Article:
How to hide your iPhone’s unique name from apps (and why you should)

By Jackie Morse | 8 February 2021

MASHABLE — Your iPhone has trouble keeping secrets. Thankfully, there’s something you can do about it.

What you do on the internet, what apps you download, and, often, where you go are all data points that can be linked to an iPhone’s so-called advertising identifier (Android phones have a similar Advertising ID). Combined with commercially available databases, this unique alphanumeric string can be enough for third parties to tie an iPhone’s actions back to the real name of its owner.

We were reminded of the real-world consequences of this Friday, when the New York Times published an article exposing the movements of individuals involved in the Jan. 6 riot at the U.S. Capitol. The newspaper obtained a data set that linked phone location data to advertising identifiers, which, combined with other available databases, allowed the paper to link that location data to real people.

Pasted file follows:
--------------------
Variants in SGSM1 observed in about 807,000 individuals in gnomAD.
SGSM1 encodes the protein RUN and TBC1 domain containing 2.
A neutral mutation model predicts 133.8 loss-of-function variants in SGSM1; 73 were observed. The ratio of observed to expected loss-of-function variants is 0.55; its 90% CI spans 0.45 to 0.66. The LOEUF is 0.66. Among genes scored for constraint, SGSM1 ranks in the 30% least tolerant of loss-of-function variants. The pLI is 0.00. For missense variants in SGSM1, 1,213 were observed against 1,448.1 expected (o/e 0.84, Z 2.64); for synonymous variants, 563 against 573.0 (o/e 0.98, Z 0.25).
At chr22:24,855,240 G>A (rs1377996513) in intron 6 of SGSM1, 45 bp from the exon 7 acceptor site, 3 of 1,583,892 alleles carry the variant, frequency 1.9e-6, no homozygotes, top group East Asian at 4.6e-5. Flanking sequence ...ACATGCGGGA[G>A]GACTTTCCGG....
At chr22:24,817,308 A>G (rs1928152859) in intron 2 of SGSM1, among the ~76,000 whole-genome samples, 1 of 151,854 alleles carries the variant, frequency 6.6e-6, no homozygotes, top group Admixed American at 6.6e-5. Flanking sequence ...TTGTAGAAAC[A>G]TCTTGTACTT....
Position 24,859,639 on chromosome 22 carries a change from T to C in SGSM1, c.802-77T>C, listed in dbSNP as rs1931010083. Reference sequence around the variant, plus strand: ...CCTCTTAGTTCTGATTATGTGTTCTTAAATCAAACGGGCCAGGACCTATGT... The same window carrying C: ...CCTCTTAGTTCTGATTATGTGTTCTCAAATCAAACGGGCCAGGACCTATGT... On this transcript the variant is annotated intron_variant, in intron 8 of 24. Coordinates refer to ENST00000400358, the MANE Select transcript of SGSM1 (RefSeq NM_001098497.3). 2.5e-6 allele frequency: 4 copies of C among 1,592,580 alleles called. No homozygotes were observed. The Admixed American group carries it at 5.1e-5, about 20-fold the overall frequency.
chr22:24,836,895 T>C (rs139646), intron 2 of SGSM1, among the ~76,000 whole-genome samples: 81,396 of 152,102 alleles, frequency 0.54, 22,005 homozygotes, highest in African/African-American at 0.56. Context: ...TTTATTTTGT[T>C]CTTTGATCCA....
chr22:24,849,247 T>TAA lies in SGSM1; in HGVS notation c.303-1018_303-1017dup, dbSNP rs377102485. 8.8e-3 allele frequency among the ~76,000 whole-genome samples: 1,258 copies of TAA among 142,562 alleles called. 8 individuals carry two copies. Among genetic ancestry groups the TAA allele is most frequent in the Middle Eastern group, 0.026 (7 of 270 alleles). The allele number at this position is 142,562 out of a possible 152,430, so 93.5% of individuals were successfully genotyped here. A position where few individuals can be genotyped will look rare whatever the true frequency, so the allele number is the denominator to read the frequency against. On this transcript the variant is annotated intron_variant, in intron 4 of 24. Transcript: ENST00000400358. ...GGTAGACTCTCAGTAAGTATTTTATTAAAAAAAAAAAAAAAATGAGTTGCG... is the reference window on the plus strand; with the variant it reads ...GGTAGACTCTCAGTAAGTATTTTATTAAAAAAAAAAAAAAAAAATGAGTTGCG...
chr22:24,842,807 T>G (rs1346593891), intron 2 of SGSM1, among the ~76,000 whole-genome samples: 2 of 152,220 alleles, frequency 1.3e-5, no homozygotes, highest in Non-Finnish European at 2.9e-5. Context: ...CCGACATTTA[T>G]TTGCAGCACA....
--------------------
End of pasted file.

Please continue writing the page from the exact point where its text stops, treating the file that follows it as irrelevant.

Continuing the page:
To deny apps access to your phone’s advertising identifier:

  1. Go to “Settings”
  2. Tap “Privacy”
  3. Select “Tracking”
  4. Disable the option that says “Allow Apps to Request to Track”

Limit how you can be tracked on your iPhone.

That’s it. […]

The New York Times (via WaybackMachine) — “They Stormed the Capitol. Their Apps Tracked Them.: Times Opinion was able to identify individuals from a trove of leaked smartphone location data.”

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